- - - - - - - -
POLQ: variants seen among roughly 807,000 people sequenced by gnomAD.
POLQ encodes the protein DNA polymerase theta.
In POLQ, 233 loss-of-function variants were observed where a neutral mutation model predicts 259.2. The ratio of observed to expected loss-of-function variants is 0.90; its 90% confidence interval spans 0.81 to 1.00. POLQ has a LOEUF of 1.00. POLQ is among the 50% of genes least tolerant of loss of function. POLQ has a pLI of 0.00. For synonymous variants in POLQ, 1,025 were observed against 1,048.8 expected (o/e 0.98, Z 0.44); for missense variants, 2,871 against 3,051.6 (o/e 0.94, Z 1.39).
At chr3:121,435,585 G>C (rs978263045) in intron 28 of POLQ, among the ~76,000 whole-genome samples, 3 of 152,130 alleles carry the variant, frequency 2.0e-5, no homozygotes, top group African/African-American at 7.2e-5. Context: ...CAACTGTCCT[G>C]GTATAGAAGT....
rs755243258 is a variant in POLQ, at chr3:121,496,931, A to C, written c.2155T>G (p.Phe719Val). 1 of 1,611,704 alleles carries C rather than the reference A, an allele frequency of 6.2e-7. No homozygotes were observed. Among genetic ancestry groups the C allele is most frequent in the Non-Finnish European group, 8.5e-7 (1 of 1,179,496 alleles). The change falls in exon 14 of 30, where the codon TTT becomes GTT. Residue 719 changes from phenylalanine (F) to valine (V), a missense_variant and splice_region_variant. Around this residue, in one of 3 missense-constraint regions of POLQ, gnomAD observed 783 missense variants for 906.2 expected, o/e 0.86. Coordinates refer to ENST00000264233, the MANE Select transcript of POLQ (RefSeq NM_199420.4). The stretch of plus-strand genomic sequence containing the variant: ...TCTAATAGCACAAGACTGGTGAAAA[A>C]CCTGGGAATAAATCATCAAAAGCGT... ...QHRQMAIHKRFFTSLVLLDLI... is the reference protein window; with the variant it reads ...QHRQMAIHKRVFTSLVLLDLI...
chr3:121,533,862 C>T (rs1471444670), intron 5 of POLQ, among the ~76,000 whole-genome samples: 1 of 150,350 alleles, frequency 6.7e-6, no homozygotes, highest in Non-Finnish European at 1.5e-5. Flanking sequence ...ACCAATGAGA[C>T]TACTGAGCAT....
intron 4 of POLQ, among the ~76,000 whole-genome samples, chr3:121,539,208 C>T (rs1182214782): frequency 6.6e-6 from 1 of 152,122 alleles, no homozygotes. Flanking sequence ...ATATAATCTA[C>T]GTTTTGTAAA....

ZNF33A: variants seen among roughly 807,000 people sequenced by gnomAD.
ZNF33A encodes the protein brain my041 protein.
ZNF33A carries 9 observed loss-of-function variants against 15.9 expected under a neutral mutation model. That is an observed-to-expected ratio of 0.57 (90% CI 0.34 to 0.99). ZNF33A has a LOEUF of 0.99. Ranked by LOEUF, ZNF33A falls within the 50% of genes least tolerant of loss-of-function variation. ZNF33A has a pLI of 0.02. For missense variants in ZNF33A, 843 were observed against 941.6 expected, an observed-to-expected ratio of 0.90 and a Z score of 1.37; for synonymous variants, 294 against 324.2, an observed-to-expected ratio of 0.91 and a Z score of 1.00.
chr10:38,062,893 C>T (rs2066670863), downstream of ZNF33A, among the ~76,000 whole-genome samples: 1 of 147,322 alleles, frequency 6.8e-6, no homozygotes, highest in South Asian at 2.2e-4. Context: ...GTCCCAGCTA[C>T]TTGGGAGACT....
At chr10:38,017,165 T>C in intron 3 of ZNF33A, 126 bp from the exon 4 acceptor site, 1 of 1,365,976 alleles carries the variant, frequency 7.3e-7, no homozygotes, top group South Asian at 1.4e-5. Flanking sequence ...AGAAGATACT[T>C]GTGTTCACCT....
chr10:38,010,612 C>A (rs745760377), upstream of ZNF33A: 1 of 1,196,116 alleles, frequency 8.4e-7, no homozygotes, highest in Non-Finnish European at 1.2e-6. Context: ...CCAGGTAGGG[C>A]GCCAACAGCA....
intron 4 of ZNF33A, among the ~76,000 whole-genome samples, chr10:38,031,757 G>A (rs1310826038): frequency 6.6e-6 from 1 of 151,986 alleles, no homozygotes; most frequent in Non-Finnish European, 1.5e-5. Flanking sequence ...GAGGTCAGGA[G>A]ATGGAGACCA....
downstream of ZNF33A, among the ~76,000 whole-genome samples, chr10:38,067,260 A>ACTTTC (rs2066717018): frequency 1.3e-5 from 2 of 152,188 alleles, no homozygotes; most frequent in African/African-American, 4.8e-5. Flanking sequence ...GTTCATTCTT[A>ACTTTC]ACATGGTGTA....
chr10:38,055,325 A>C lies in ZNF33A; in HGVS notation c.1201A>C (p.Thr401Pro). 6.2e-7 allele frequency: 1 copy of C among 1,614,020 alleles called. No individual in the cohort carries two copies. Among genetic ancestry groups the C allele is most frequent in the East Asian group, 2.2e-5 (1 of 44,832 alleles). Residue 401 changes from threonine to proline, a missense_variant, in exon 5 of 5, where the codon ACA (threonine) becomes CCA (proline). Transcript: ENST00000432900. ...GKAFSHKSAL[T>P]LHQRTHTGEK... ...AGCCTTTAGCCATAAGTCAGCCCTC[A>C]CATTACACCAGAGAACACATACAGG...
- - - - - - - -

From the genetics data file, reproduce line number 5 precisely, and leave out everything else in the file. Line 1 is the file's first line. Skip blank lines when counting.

rs755243258 is a variant in POLQ, at chr3:121,496,931, A to C, written c.2155T>G (p.Phe719Val). 1 of 1,611,704 alleles carries C rather than the reference A, an allele frequency of 6.2e-7. No homozygotes were observed. Among genetic ancestry groups the C allele is most frequent in the Non-Finnish European group, 8.5e-7 (1 of 1,179,496 alleles). The change falls in exon 14 of 30, where the codon TTT becomes GTT. Residue 719 changes from phenylalanine (F) to valine (V), a missense_variant and splice_region_variant. Around this residue, in one of 3 missense-constraint regions of POLQ, gnomAD observed 783 missense variants for 906.2 expected, o/e 0.86. Coordinates refer to ENST00000264233, the MANE Select transcript of POLQ (RefSeq NM_199420.4). The stretch of plus-strand genomic sequence containing the variant: ...TCTAATAGCACAAGACTGGTGAAAA[A>C]CCTGGGAATAAATCATCAAAAGCGT... ...QHRQMAIHKRFFTSLVLLDLI... is the reference protein window; with the variant it reads ...QHRQMAIHKRVFTSLVLLDLI...